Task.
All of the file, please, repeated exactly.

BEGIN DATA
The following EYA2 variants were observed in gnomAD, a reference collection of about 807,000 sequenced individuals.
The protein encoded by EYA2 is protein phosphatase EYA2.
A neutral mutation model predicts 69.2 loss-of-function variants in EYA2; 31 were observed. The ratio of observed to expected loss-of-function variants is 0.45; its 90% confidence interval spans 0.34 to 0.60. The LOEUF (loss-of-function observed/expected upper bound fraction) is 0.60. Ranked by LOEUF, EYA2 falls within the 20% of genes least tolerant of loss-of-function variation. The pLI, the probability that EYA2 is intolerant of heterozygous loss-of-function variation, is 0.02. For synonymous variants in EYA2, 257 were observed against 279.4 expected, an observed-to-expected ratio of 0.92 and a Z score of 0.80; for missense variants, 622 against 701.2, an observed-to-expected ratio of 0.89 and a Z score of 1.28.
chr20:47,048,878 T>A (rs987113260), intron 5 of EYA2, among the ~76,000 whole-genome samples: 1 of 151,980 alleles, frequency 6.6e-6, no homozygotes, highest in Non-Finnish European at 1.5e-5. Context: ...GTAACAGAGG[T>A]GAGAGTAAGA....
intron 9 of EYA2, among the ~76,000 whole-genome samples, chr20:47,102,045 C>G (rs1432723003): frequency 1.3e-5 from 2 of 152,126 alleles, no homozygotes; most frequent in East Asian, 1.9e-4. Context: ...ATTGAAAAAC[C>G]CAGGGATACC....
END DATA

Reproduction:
The following EYA2 variants were observed in gnomAD, a reference collection of about 807,000 sequenced individuals.
The protein encoded by EYA2 is protein phosphatase EYA2.
A neutral mutation model predicts 69.2 loss-of-function variants in EYA2; 31 were observed. The ratio of observed to expected loss-of-function variants is 0.45; its 90% confidence interval spans 0.34 to 0.60. The LOEUF (loss-of-function observed/expected upper bound fraction) is 0.60. Ranked by LOEUF, EYA2 falls within the 20% of genes least tolerant of loss-of-function variation. The pLI, the probability that EYA2 is intolerant of heterozygous loss-of-function variation, is 0.02. For synonymous variants in EYA2, 257 were observed against 279.4 expected, an observed-to-expected ratio of 0.92 and a Z score of 0.80; for missense variants, 622 against 701.2, an observed-to-expected ratio of 0.89 and a Z score of 1.28.
chr20:47,048,878 T>A (rs987113260), intron 5 of EYA2, among the ~76,000 whole-genome samples: 1 of 151,980 alleles, frequency 6.6e-6, no homozygotes, highest in Non-Finnish European at 1.5e-5. Context: ...GTAACAGAGG[T>A]GAGAGTAAGA....
intron 9 of EYA2, among the ~76,000 whole-genome samples, chr20:47,102,045 C>G (rs1432723003): frequency 1.3e-5 from 2 of 152,126 alleles, no homozygotes; most frequent in East Asian, 1.9e-4. Context: ...ATTGAAAAAC[C>G]CAGGGATACC....